Francis Schaeffer called this extra-Biblical interpretation an “existentialist methodology.” The experience of the moment colors the reading of the text differently for each person. Schaeffer saw this as the great problem in the theological liberalism that invaded the church before. A few years later that same methodology has invaded many evangelical churches. The price for membership in this existentialist habit is a theological weakness, Biblically ignorance and a rather opinionated message. We have to some extent abandoned the text by reading only favorite passages. Is there perhaps a parallel to what I have wondered about for years: Have we possibly minimized the Trinity by pitting against an overemphasis on the Holy Spirit in Pentecostalism a theology of my personal Jesus?

It is not astonishing that a recent issue of the Jerusalem Post reported the same phenomenon among Jews. Judaism here and there allows believers to feel the need to define their own way of observing Sabbath. For some it may be going to Synagogue, for others going to the Mall. Whichever one chooses is a personal spiritual experience of Sabbath observance. No context, no continuity, no commandments and no consequences!

It all resembles secret and personal mystery rituals, from which the clear events in history and the coherent word of God had once liberated us into a rational and coherent access to a purposeful life under God.

In December we had our annual Christmas service in Champéry by candlelight. We go across the valley to the village that threw out the Schaeffer family for having had a religious influence when the mayor came to believe in Christ. Of course the situation has changed since then, but villagers remember the event with some embarrassment, and we delight in returning to bring the news of Jesus’ birth back to the village.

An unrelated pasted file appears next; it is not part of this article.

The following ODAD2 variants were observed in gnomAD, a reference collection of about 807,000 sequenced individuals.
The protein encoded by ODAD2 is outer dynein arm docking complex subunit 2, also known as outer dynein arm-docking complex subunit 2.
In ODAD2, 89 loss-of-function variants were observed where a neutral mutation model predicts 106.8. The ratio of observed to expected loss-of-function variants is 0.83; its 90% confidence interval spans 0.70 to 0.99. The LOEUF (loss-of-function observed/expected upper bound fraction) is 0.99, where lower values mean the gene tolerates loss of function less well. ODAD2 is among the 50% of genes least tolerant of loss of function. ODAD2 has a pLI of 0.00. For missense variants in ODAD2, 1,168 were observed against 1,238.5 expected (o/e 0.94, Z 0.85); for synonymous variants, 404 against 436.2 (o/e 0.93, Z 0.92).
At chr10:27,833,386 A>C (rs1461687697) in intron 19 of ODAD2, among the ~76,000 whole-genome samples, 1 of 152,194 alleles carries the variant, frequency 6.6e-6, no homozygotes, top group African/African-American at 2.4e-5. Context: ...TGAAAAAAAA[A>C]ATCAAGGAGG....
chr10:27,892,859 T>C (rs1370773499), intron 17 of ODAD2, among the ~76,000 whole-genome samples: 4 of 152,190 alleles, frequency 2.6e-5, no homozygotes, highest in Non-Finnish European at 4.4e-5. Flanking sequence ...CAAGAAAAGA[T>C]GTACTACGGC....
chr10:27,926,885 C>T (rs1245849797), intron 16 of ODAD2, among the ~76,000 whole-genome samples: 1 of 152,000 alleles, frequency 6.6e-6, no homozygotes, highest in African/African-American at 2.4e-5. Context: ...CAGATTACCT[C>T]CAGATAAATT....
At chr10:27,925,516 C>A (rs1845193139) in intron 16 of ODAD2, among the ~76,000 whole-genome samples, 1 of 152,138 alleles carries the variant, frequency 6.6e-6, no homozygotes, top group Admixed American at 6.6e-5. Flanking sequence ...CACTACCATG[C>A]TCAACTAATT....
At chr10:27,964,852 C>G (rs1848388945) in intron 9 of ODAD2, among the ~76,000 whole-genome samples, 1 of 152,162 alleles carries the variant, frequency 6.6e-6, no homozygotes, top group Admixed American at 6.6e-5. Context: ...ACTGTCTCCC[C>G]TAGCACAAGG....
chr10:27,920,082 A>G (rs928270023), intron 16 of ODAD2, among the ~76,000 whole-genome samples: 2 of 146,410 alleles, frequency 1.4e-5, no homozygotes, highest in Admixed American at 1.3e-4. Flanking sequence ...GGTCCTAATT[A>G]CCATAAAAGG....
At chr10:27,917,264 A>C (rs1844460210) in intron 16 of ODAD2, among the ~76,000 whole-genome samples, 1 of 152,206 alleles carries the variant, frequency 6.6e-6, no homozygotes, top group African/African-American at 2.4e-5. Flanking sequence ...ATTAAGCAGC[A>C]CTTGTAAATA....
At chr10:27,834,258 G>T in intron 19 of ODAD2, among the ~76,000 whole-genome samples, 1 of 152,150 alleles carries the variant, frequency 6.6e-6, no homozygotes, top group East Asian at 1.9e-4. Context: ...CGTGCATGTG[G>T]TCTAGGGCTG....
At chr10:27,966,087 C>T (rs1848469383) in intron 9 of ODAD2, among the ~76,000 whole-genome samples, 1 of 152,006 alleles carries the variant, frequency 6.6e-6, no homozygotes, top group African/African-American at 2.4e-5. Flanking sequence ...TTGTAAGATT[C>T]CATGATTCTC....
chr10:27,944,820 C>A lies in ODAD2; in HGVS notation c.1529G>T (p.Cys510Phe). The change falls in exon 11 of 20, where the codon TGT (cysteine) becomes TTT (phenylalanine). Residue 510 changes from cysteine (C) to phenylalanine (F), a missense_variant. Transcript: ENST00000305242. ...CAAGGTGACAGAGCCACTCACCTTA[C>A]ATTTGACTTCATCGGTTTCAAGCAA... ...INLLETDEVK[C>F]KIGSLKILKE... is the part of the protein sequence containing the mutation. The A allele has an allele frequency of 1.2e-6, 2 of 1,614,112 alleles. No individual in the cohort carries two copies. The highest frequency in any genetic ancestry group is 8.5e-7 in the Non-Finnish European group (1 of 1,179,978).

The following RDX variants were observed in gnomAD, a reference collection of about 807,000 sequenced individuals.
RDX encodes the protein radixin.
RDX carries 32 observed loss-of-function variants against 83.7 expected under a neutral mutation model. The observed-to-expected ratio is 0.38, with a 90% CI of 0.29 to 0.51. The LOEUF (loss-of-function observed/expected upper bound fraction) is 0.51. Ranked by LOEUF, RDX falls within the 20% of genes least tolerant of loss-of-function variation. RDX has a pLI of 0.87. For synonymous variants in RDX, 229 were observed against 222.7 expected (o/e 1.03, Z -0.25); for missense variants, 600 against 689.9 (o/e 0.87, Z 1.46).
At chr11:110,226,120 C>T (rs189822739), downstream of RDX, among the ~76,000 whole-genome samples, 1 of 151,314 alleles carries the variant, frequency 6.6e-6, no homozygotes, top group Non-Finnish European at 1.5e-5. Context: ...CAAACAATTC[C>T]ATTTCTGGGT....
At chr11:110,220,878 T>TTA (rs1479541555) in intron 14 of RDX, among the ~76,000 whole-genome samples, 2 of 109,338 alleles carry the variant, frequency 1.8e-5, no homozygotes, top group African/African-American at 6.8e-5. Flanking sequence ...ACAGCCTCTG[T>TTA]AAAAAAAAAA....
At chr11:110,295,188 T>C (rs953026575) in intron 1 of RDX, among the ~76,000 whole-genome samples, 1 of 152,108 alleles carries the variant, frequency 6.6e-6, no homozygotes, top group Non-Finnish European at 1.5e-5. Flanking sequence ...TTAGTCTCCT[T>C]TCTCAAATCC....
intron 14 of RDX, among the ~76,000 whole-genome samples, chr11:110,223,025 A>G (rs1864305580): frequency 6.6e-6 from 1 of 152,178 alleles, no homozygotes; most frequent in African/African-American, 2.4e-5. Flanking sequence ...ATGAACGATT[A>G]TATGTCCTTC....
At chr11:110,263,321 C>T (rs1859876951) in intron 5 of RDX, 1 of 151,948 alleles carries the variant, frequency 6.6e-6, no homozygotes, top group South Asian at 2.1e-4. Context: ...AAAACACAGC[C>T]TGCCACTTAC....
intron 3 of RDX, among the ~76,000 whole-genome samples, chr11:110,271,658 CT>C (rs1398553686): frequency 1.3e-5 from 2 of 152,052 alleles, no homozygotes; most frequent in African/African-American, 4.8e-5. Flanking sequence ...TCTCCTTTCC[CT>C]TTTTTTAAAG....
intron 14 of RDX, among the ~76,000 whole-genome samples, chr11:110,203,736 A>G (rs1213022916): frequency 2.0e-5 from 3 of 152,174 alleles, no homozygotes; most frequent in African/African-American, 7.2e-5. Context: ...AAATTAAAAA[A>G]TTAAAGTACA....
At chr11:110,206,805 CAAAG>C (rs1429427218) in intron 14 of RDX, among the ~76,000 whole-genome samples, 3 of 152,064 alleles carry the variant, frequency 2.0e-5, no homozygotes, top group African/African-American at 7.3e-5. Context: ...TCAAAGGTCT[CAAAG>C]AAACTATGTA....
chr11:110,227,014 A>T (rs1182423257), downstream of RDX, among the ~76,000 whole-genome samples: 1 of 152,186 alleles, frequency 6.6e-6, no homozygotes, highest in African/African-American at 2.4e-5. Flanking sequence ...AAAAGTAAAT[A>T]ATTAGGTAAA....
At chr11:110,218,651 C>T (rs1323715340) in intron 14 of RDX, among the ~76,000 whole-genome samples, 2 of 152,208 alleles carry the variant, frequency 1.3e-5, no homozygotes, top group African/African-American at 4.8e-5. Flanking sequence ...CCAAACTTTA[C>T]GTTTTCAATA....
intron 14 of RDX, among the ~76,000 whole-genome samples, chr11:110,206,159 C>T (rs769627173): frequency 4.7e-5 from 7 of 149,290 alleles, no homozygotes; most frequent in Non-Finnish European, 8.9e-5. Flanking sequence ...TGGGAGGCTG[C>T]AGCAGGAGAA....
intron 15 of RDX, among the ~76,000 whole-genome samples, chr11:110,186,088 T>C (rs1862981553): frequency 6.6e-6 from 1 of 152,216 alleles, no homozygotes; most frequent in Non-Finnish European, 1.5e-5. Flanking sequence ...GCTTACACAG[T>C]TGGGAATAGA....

We missed our musician this year, but the forty tourists from England, the US, Holland and Germany sang lustily between the various readings in the flow of the Biblical narrative. I also preached several times in the International Evangelical Church in Lausanne with much pleasure and benefit to myself. It is truly an international congregation with students and visitors from many countries. In addition I had the privilege of preaching, this time in French, for the congregation that meets in the Huguenot Church in Geneva.

Much pleasure we found in Mike and Carolyn joining us for Christmas with their adopted son Mike, who comes from NE China and delighted us with his good humor, funny faces and curiosity. Far from being a ‘terrible two’ he took part in much of what we did and loved the first snow of the season.

Early in February I accepted an invitation to Cluj in Northern Romania for a small conference held in the Quo Vadis Café. The theme was: Is Poverty in your pocket or in your head? An English missionary is the manager of this public coffee house, an Austro-Hungarian tradition, and besides serving a good cappuccino and desert he and his team organize public events, lectures and discussions.